Thursday, July 27, 2006

Iraq . . . Oh, We Mean Iran

How is it that the Bush administration has yammered for years that Iran is part of the "axis of evil," but at the same time stood by helplessly as it has grown more powerful? And what does this have to do with the war in Lebanon?

The answer is that:
There has been no U.S. Iran policy, only screaming at the ayotollahs and more recently President Mahmoud Ahmadinejad, who have been embolded thanks in large part to the U.S.'s removal of their chief antagonist, Saddam Hussein, and subsequent failure to secure Iraq against insurgents, some backed by Iran.

Meanwhile, the inability or unwillingness -- or both -- of the White House to think regionally and engage in a dialogue with Teheran, let alone Syria, who are Hezbollah's main sponsors, has contributed significantly to the Lebanon debacle and failure to broker a cease-fire.
Let me quickly add that Ahmadinejad and his ilk are wackos, albeit clever wackos, so it's not like Condi Rice could ring them up and suggest that she stop by for a spot of tea. But taking the long view -- as in the four-plus years since Bush first used the "axis of evil" line in a State of the Union speech -- the efforts to engage Iran have been half hearted, at best.

Daniel Benjamin, who served on the National Security Council staff under President Clinton, has a go at this argument in a Slate analysis.

While the U.S. has dropped the ball diplomatically, Rolling Stone magazine writer James Bamford asserts that the White House has long had a plan to invade Iraq.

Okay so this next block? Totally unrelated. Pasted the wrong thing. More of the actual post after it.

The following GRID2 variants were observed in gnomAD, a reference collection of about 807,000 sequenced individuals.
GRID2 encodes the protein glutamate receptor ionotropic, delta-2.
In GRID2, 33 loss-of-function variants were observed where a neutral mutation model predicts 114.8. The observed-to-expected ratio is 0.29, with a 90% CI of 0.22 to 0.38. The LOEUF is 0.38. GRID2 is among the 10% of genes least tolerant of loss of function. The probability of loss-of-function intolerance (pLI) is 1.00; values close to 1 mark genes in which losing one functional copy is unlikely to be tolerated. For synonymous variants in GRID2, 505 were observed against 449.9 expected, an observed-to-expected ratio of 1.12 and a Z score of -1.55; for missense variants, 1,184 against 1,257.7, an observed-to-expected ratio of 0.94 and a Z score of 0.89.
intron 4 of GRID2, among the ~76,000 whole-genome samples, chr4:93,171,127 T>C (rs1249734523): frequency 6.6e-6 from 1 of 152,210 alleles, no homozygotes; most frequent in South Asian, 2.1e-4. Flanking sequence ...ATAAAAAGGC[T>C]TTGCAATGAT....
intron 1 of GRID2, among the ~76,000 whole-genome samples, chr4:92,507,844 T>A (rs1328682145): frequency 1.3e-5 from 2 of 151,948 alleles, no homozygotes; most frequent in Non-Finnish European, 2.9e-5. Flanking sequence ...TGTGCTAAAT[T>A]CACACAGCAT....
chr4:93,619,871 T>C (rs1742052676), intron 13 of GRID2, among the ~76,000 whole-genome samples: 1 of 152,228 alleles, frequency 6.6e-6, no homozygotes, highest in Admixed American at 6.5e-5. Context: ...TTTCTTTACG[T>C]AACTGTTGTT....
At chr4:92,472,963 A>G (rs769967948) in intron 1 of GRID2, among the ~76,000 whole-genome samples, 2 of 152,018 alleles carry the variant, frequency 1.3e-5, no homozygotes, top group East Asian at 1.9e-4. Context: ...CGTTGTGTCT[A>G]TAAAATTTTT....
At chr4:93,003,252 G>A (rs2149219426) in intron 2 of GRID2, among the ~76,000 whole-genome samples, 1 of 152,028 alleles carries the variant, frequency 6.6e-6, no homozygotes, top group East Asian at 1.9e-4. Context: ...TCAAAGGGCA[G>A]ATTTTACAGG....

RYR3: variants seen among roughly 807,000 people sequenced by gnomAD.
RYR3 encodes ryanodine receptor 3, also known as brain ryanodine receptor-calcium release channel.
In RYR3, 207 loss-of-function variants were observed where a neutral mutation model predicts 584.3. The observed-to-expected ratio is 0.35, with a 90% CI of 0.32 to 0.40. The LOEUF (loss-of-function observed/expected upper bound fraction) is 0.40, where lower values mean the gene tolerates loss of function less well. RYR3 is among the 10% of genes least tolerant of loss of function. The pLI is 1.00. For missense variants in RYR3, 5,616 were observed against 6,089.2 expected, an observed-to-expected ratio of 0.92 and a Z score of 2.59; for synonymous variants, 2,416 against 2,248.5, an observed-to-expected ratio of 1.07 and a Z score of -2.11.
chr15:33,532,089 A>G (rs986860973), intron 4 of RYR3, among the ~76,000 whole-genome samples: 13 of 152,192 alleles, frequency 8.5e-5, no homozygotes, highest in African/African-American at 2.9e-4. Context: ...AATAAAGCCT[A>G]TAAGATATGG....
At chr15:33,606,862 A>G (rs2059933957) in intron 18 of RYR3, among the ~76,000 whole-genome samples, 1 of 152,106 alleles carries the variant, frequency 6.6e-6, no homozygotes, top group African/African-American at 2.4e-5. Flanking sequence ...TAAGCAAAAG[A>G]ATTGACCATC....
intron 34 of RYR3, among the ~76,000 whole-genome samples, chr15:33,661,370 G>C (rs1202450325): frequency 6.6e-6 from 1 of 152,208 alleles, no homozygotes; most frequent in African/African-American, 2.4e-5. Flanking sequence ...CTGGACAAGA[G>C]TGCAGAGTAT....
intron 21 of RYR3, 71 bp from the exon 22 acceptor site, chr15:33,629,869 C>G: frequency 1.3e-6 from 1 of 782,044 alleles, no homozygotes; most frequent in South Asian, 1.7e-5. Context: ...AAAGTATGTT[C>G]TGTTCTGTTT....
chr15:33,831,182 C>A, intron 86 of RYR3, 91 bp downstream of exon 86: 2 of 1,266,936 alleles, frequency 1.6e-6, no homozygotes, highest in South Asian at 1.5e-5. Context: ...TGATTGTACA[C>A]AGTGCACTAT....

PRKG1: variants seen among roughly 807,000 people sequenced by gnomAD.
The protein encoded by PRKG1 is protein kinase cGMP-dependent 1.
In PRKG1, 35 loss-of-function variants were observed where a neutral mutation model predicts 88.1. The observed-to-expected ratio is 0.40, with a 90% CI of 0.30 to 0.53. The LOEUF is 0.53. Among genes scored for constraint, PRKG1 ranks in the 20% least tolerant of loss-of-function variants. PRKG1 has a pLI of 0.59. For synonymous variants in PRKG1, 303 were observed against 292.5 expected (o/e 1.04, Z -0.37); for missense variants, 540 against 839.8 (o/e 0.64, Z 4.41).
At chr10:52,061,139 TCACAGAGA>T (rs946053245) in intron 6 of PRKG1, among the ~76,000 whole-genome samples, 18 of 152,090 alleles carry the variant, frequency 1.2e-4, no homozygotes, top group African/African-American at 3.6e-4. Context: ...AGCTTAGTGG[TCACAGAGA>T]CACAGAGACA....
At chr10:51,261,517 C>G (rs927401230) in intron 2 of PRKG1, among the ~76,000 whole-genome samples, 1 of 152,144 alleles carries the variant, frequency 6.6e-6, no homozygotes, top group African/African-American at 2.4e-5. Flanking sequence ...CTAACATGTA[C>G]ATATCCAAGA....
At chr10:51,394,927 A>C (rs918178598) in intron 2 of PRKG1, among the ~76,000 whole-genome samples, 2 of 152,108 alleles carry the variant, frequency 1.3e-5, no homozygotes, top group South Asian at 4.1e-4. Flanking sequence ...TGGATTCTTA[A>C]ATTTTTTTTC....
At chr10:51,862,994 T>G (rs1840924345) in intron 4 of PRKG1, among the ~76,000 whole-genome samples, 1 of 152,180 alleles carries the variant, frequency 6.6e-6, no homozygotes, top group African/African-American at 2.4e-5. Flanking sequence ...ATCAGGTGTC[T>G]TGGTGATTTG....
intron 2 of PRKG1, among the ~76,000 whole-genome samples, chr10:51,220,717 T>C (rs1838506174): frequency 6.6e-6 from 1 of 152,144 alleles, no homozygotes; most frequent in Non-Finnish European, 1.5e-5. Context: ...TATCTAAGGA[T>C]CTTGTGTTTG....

Money graph:
But the Bush administration's hostility toward Iran is not simply an outgrowth of the current crisis. War with Iran has been in the works for the past five years, shaped in almost complete secrecy by a small group of senior Pentagon officials attached to the Office of Special Plans. The man who created the OSP was Douglas Feith, the undersecretary of defense for policy. A former Middle East specialist on the National Security Council in the Reagan administration, Feith had long urged Israel to secure its borders in the Middle East by attacking Iraq and Iran. After Bush's election, Feith went to work to make that vision a reality, putting together a team of neoconservative hawks determined to drive the U.S. to attack Tehran. Before Bush had been in office a year, Feith's team had arranged a covert meeting in Rome with a group of Iranians to discuss their clandestine help.
You can read the whole bloody thing here.

(Illustration for Rolling Stone by Pat Mahurin)

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